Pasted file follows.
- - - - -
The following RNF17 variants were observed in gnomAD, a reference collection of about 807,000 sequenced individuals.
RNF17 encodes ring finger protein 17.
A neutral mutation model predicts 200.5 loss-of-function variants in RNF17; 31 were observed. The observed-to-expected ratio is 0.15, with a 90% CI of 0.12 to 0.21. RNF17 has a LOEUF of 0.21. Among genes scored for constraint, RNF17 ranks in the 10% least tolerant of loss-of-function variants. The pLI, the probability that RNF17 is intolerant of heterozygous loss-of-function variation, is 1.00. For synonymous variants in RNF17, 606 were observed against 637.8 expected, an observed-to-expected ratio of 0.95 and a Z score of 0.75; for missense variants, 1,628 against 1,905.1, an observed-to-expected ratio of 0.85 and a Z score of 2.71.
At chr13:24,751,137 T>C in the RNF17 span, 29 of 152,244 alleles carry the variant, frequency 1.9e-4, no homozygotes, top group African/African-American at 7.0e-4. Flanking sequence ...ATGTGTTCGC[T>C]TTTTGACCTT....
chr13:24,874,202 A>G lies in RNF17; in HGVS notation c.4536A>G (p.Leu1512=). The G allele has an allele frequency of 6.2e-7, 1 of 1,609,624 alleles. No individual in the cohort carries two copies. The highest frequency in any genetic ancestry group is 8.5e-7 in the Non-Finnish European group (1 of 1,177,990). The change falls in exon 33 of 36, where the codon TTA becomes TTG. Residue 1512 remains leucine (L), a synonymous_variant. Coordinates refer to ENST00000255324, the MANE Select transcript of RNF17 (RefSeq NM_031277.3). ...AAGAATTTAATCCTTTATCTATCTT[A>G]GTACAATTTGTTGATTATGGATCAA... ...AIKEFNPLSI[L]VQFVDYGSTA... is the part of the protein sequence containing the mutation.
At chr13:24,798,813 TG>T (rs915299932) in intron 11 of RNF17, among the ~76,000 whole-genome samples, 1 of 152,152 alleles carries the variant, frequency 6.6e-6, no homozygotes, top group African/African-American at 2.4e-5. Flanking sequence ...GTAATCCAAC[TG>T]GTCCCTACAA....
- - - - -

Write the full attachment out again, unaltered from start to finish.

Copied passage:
The following RNF17 variants were observed in gnomAD, a reference collection of about 807,000 sequenced individuals.
RNF17 encodes ring finger protein 17.
A neutral mutation model predicts 200.5 loss-of-function variants in RNF17; 31 were observed. The observed-to-expected ratio is 0.15, with a 90% CI of 0.12 to 0.21. RNF17 has a LOEUF of 0.21. Among genes scored for constraint, RNF17 ranks in the 10% least tolerant of loss-of-function variants. The pLI, the probability that RNF17 is intolerant of heterozygous loss-of-function variation, is 1.00. For synonymous variants in RNF17, 606 were observed against 637.8 expected, an observed-to-expected ratio of 0.95 and a Z score of 0.75; for missense variants, 1,628 against 1,905.1, an observed-to-expected ratio of 0.85 and a Z score of 2.71.
At chr13:24,751,137 T>C in the RNF17 span, 29 of 152,244 alleles carry the variant, frequency 1.9e-4, no homozygotes, top group African/African-American at 7.0e-4. Flanking sequence ...ATGTGTTCGC[T>C]TTTTGACCTT....
chr13:24,874,202 A>G lies in RNF17; in HGVS notation c.4536A>G (p.Leu1512=). The G allele has an allele frequency of 6.2e-7, 1 of 1,609,624 alleles. No individual in the cohort carries two copies. The highest frequency in any genetic ancestry group is 8.5e-7 in the Non-Finnish European group (1 of 1,177,990). The change falls in exon 33 of 36, where the codon TTA becomes TTG. Residue 1512 remains leucine (L), a synonymous_variant. Coordinates refer to ENST00000255324, the MANE Select transcript of RNF17 (RefSeq NM_031277.3). ...AAGAATTTAATCCTTTATCTATCTT[A>G]GTACAATTTGTTGATTATGGATCAA... ...AIKEFNPLSI[L]VQFVDYGSTA... is the part of the protein sequence containing the mutation.
At chr13:24,798,813 TG>T (rs915299932) in intron 11 of RNF17, among the ~76,000 whole-genome samples, 1 of 152,152 alleles carries the variant, frequency 6.6e-6, no homozygotes, top group African/African-American at 2.4e-5. Flanking sequence ...GTAATCCAAC[TG>T]GTCCCTACAA....